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Last November, Facebook announced a new messaging service that will connect you with your friends and family without regard for which transport mechanism each person prefers. You can read the blog post “See the Messages that Matter” by Joel Seligstein, for details.
What wasn’t in the announcement is that Microsoft Office Web Apps is now integrated into Facebook via a new beta service from FUSE Labs called Docs. This will allow you to take Messages to the next level by making it easy to share Office documents or an animated photo show with friends and colleagues.
Here is what Lili Cheng had to say about Docs in a blog post from last Spring:
“The fact that we’ve been able to adapt the Office 2010 ‘Web Apps’ technology to work directly with Facebook truly speaks to the flexibility and power not just of the Facebook platform, but also of the Office system’s rich ‘contextual collaboration’ capabilities. And we’d never have been able to achieve our critical ‘simplicity’ goals had it not been for our ability to use a new test feature from Facebook that allows us to build an instantly personalized and seamless document authorization & sharing experience directly from our site.”
Why You Should Care
But Facebook is for consumers, right? Sure, maybe in the beginning. But more and more companies are leveraging the power of the Facebook platform for business. While interesting, Facebook fan pages are fairly rudimentary in my view—unless you add apps to bring a richness to the UX. And today these fan pages are reaching millions of consumers. As an example, the Starbucks fan page boasts more than 18 million fans. That’s a lot of frappuccinos!
Now with Docs providing a way for you to share presentations and white papers, you’ve given your community a way to really participate in your brand. This could be especially powerful in a B2B scenario—giving partners a way to tell great stories about you.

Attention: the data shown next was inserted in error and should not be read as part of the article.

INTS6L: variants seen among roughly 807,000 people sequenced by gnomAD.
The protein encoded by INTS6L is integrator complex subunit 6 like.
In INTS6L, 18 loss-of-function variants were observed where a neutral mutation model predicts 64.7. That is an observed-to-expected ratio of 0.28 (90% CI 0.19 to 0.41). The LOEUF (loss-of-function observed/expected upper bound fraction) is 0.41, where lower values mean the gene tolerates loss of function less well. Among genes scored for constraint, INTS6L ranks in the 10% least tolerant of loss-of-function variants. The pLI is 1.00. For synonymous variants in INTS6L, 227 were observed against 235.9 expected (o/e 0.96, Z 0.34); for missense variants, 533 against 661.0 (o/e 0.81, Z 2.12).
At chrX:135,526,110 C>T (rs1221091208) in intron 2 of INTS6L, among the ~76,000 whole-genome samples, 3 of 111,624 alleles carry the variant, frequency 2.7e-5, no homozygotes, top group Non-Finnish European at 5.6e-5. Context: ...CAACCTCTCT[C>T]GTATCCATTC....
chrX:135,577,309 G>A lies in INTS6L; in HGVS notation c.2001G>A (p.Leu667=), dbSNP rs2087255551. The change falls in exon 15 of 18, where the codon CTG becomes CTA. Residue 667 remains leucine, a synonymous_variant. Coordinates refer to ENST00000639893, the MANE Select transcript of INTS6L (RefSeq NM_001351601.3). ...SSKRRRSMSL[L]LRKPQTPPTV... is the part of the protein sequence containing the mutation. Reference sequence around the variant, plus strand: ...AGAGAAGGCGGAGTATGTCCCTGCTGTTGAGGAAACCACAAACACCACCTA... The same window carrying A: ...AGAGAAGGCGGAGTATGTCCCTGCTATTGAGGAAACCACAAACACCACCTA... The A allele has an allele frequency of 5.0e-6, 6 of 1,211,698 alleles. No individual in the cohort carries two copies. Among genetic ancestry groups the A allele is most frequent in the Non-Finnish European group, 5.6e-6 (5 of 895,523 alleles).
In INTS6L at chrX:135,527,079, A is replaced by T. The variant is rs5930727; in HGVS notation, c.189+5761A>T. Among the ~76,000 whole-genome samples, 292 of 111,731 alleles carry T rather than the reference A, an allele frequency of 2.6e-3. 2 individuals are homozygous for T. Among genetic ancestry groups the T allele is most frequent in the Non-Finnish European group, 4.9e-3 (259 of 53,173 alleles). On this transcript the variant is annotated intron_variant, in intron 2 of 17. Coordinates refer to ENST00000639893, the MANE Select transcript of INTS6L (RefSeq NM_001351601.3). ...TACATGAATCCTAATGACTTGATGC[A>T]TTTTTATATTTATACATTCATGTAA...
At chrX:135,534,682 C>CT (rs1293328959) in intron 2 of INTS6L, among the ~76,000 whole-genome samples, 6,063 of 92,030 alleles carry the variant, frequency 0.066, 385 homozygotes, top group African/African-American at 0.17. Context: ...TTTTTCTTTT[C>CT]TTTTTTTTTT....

The other thing that stands out with Docs is the acknowledgement that Facebook is being adopted by the enterprise and that Microsoft Office is now going to where the conversation is. This second point represents a significant shift for Microsoft, and is something you will want to pay attention to. There’s no doubt that our business is moving to the cloud—the pieces are already falling into place.
A View from Office
Last spring, Takeshi Numoto, Corporate Vice President, Office, wrote a blog post talking about Docs. What I found refreshing is that he called Docs an experiment and acknowledged that we really haven’t figured everything out yet:
“I am sure it will also raise new questions like how people think about sharing documents on Facebook vs. other services they use today (like Windows Live, which is central to a lot of our work on Office Web Apps), and how we can help people keep track of all the sharing they do across different services and tools. We are in an exciting era where explorations like Docs and many others are needed to continue to push the envelope on the next generation of user scenarios and experiences. I am sure there will be some bumps along the way, but that’s why our jobs in the dynamic tech industry remain so exciting.”
What you are doing to prepare for this new world of work? What new projects do you have that could benefit from this kind of integration? And will you take a chance?
The opinions and views expressed in this blog are those of the author and do not necessarily state or reflect those of Microsoft.